Thank you for sharing!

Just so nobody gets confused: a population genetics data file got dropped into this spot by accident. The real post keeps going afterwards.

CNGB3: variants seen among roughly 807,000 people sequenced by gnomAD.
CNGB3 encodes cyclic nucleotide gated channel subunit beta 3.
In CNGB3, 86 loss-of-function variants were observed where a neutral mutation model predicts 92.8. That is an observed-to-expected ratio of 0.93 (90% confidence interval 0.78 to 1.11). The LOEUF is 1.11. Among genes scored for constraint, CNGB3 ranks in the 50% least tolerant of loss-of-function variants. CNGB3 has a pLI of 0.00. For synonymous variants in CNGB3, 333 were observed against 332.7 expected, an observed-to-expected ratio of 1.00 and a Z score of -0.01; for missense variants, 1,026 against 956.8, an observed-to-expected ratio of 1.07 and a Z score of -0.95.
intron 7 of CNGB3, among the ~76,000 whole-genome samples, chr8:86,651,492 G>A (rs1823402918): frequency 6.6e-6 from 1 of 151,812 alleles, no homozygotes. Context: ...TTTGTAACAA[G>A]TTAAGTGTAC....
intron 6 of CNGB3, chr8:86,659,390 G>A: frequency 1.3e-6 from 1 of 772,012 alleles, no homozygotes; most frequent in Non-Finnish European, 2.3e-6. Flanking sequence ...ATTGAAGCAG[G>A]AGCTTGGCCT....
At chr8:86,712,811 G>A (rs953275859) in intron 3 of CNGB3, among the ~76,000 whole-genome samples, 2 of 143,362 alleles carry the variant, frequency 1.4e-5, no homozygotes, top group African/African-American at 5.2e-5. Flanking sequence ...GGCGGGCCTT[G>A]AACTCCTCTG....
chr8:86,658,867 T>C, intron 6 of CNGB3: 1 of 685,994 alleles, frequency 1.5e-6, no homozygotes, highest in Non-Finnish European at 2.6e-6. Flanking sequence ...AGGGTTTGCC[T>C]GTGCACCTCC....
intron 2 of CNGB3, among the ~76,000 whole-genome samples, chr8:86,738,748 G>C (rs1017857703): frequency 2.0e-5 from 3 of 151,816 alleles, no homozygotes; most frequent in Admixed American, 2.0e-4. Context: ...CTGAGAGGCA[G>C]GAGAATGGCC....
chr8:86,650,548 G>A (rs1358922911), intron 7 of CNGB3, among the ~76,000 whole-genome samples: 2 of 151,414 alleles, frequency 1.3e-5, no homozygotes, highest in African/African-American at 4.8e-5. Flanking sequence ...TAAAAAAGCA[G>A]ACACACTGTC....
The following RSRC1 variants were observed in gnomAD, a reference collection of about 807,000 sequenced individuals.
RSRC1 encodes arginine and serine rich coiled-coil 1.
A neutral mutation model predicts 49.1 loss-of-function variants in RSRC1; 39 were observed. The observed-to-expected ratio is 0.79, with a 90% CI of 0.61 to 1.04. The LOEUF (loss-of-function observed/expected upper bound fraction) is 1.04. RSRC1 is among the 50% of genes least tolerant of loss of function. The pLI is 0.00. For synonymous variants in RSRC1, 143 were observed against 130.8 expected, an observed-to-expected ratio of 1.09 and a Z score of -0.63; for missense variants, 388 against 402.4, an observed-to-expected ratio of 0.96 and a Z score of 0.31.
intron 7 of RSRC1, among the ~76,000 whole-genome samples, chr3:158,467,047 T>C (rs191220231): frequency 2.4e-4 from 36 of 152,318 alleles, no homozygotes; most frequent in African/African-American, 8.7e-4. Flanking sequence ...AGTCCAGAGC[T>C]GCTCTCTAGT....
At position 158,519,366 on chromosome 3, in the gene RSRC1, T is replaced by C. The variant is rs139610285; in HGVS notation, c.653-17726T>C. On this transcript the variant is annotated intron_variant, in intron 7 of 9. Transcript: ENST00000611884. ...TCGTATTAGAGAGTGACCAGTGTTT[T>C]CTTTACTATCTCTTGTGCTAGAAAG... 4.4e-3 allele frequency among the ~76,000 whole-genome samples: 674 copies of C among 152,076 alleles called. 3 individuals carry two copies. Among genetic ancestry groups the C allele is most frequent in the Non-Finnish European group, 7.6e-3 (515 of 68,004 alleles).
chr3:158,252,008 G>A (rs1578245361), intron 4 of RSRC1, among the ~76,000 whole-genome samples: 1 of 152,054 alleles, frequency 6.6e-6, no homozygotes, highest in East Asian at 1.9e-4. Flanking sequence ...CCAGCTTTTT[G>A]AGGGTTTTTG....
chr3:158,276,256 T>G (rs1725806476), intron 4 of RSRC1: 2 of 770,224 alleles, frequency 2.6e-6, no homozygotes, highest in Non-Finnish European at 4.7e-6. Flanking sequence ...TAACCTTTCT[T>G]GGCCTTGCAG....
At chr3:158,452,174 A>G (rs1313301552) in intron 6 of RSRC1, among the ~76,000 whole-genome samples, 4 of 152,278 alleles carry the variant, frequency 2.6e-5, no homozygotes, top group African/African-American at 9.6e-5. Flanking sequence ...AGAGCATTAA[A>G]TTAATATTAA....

Your article was successfully shared with the contacts you provided.